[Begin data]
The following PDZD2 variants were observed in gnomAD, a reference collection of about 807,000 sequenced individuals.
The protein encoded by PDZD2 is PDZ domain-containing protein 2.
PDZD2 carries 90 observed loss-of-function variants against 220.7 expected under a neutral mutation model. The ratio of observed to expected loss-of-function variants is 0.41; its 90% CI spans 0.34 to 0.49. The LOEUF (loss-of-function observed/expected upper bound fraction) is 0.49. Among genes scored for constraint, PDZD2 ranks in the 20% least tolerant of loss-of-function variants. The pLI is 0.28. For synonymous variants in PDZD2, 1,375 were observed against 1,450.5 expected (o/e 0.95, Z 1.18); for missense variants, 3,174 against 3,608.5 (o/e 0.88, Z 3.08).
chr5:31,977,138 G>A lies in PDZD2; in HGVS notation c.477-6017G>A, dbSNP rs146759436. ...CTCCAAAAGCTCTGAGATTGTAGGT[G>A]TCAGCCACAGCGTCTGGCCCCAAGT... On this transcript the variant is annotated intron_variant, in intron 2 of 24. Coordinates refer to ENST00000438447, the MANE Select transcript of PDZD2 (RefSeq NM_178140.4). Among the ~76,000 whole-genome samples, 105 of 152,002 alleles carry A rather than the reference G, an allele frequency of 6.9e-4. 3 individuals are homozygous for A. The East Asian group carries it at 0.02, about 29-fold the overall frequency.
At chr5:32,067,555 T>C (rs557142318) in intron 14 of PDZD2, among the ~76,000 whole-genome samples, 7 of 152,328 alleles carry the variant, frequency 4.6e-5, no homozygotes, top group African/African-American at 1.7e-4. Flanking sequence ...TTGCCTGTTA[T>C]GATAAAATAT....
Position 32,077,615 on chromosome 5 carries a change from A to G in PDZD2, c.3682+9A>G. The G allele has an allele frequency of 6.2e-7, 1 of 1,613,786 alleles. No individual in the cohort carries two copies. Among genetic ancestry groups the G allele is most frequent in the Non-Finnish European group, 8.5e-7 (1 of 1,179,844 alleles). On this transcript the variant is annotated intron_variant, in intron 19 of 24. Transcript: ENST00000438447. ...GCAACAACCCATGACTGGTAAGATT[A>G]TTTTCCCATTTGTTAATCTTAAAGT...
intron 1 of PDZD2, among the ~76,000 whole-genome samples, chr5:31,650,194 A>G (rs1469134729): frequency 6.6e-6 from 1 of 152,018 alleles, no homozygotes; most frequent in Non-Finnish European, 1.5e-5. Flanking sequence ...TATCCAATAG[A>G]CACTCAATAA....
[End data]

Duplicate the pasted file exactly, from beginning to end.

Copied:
The following PDZD2 variants were observed in gnomAD, a reference collection of about 807,000 sequenced individuals.
The protein encoded by PDZD2 is PDZ domain-containing protein 2.
PDZD2 carries 90 observed loss-of-function variants against 220.7 expected under a neutral mutation model. The ratio of observed to expected loss-of-function variants is 0.41; its 90% CI spans 0.34 to 0.49. The LOEUF (loss-of-function observed/expected upper bound fraction) is 0.49. Among genes scored for constraint, PDZD2 ranks in the 20% least tolerant of loss-of-function variants. The pLI is 0.28. For synonymous variants in PDZD2, 1,375 were observed against 1,450.5 expected (o/e 0.95, Z 1.18); for missense variants, 3,174 against 3,608.5 (o/e 0.88, Z 3.08).
chr5:31,977,138 G>A lies in PDZD2; in HGVS notation c.477-6017G>A, dbSNP rs146759436. ...CTCCAAAAGCTCTGAGATTGTAGGT[G>A]TCAGCCACAGCGTCTGGCCCCAAGT... On this transcript the variant is annotated intron_variant, in intron 2 of 24. Coordinates refer to ENST00000438447, the MANE Select transcript of PDZD2 (RefSeq NM_178140.4). Among the ~76,000 whole-genome samples, 105 of 152,002 alleles carry A rather than the reference G, an allele frequency of 6.9e-4. 3 individuals are homozygous for A. The East Asian group carries it at 0.02, about 29-fold the overall frequency.
At chr5:32,067,555 T>C (rs557142318) in intron 14 of PDZD2, among the ~76,000 whole-genome samples, 7 of 152,328 alleles carry the variant, frequency 4.6e-5, no homozygotes, top group African/African-American at 1.7e-4. Flanking sequence ...TTGCCTGTTA[T>C]GATAAAATAT....
Position 32,077,615 on chromosome 5 carries a change from A to G in PDZD2, c.3682+9A>G. The G allele has an allele frequency of 6.2e-7, 1 of 1,613,786 alleles. No individual in the cohort carries two copies. Among genetic ancestry groups the G allele is most frequent in the Non-Finnish European group, 8.5e-7 (1 of 1,179,844 alleles). On this transcript the variant is annotated intron_variant, in intron 19 of 24. Transcript: ENST00000438447. ...GCAACAACCCATGACTGGTAAGATT[A>G]TTTTCCCATTTGTTAATCTTAAAGT...
intron 1 of PDZD2, among the ~76,000 whole-genome samples, chr5:31,650,194 A>G (rs1469134729): frequency 6.6e-6 from 1 of 152,018 alleles, no homozygotes; most frequent in Non-Finnish European, 1.5e-5. Flanking sequence ...TATCCAATAG[A>G]CACTCAATAA....